Portal Francia is the gate to the city that has stood the test time the best. Located to the north, it is the only gate that stands in its original location. This gateway is located near the base on the walls and is a great place to start your journey around the walls.
Journey Around the Walls
Walking on top of the city walls is a great activity. If you find yourself at the bottom, you can walk up the road or take a free elevator up to the top. When you exit the elevator, circle around it to take in the jaw dropping views.
Facing outward, if you go to the left you'll head towards Portal Nueva and the Taconera Gardens. This is a great way to head as you get hit with a ton of culture really quickly.
Quirky activity: Stand facing the corner of the wall in the New Portal. Have someone else stand on the other side, kitty corner. If one person speaks into the wall the sound will carry up and over the arched roof so the other person can hear what is said clearly.
After you wander the Taconera Gardens and see the Portal de la Taconera and San Nicolás Gate, head towards the Citadel. If you walk past Portal de la Taconera, away from Casco Antiguo, the citadel will be on your left. It should only take a few hundred steps to get there.
Walking around and exploring the citadel is a big activity, but worth doing. It is a public park now and you can roam around and inside freely. We will do a deeper look into the citadel in the future.
After the Citadel
Afterwards, head towards the Plaza de Torros. The wall, starts up again next to it. As you walk along this section of the wall you'll notice the wall gets higher and higher. The walking path itself is flat but the depth the wall drops is extensive. At the end of this first long straight stretch there will be a lookout.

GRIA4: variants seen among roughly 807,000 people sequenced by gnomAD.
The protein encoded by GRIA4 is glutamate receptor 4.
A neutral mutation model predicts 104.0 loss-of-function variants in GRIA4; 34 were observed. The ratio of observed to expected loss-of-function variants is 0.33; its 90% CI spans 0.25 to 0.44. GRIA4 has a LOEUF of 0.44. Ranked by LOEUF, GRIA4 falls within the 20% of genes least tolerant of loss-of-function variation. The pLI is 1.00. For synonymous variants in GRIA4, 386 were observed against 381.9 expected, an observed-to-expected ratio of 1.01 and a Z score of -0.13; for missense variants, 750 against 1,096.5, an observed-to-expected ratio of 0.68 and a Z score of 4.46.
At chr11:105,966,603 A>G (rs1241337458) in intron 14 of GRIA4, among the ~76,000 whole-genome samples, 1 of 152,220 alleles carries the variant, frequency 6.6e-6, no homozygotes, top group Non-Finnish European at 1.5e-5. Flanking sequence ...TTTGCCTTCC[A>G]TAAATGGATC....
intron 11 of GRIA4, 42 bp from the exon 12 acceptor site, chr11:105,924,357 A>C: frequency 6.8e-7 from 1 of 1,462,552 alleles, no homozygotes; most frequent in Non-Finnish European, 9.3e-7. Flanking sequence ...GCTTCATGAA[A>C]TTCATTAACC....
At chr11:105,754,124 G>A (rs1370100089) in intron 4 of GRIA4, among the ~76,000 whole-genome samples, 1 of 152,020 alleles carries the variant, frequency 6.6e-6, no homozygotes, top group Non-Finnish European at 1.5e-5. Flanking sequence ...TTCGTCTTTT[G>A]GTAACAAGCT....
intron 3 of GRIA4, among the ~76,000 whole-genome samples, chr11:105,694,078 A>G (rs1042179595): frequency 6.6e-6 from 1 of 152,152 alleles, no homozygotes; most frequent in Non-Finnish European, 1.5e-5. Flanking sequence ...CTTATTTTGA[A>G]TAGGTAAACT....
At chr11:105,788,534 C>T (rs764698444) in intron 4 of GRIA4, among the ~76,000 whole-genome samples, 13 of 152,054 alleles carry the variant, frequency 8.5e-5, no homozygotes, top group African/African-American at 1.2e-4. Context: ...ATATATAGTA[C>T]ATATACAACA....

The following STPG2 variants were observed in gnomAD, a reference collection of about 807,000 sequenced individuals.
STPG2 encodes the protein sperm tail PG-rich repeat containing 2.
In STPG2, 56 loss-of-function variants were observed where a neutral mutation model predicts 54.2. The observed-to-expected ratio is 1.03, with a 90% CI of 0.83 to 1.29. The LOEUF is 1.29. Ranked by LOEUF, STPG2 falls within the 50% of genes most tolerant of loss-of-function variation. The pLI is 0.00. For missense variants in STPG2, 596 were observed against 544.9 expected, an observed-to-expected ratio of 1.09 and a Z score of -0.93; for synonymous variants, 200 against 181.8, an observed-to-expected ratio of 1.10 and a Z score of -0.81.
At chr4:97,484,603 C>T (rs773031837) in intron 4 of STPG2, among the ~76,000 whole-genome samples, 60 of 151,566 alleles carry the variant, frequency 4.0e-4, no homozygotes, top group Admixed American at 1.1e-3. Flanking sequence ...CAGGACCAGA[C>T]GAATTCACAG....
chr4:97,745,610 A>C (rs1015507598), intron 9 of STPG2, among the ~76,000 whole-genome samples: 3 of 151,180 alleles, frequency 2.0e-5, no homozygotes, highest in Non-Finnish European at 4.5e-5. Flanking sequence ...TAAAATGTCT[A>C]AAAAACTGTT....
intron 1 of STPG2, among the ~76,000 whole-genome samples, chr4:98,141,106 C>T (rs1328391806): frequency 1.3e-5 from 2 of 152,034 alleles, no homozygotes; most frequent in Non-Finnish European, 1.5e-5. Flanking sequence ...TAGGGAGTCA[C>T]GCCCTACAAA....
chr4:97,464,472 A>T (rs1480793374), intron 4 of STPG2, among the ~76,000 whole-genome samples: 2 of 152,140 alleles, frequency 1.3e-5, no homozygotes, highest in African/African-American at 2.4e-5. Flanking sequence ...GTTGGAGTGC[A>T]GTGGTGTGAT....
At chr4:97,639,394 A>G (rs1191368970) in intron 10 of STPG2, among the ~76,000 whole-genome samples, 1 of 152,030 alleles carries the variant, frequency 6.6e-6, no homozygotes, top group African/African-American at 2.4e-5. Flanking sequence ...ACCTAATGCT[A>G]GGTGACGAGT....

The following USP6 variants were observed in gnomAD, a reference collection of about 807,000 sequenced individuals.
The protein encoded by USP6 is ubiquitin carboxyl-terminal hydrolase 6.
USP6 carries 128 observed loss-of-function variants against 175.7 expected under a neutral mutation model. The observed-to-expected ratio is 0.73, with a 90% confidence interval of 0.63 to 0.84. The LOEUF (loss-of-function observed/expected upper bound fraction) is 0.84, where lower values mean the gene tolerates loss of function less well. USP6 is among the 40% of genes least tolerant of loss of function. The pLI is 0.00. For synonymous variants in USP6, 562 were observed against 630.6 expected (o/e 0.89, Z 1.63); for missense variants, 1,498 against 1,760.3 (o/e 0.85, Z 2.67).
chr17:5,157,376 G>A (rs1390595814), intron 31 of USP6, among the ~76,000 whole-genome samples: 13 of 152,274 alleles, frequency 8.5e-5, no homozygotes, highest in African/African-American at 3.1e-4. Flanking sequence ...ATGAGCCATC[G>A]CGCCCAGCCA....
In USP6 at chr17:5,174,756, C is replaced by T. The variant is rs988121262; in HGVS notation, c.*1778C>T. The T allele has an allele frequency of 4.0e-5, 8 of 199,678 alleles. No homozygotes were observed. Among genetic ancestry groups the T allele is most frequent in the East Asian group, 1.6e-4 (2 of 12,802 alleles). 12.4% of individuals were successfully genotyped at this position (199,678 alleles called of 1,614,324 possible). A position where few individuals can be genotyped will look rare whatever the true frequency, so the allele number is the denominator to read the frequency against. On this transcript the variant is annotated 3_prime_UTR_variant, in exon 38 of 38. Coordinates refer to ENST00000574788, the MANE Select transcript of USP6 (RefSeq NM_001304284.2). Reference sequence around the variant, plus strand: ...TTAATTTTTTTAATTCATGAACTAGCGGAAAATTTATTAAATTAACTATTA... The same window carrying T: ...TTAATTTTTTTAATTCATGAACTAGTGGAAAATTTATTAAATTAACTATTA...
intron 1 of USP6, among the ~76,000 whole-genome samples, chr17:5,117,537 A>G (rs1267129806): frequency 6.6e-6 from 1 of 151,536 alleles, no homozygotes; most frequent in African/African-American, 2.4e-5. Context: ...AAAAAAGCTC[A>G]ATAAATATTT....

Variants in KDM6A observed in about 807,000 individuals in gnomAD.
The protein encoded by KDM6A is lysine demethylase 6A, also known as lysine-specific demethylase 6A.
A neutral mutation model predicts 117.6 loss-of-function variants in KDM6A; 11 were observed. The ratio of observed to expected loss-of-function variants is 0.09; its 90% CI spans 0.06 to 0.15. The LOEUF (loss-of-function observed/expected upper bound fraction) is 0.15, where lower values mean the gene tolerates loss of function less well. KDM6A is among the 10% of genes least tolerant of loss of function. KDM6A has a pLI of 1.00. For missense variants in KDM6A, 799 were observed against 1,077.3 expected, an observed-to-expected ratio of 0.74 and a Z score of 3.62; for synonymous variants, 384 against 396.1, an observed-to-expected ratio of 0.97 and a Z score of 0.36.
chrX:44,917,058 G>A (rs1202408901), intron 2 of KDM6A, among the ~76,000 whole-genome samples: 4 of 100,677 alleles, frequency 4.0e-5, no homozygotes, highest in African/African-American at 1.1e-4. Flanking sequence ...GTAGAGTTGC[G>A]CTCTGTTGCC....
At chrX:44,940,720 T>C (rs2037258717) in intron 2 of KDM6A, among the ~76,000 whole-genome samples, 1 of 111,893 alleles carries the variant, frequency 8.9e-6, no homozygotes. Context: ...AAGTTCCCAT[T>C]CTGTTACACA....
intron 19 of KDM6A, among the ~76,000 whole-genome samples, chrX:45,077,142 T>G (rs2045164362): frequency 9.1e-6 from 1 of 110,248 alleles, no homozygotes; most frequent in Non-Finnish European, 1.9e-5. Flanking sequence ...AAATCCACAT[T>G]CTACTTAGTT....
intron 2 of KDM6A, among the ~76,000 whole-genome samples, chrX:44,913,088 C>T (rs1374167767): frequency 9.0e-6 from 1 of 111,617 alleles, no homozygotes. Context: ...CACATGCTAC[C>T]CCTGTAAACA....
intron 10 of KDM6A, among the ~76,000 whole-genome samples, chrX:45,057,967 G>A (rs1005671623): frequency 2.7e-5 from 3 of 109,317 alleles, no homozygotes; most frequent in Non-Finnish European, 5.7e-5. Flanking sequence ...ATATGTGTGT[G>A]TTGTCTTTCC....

Continuing onward, the path dips below the top or the wall and comes to a cobblestone intersection. If you take a right at this point, you'll head down towards the only original portal, Portal Francia. This is a good way to go if you want to study the walls from below. There is also a riverside pathway that takes you back to your original starting point.
Staying up top you have expansive views of the mountains and valley were Pamplona is situated. The wall continues straight till you get to the Royal Archives of Navarre building. At that point you head back into Casco Antiguo.
There is a short part of the wall remaining between the road up from where you started and the elevator. This stretch of wall is much like the wall at the start of your adventure. It offers terrific views while you stand high above the modern city below.
The old city walls are impressive in scale and may leave you dumbstruck. When you see them first hand and think about the time, effort, strength, and drive it would have taken to build this fortress, it's astonishing. Living with the walls must have felt like the safest place on earth. Find out for yourself. The walls of Pamplona are a triumph.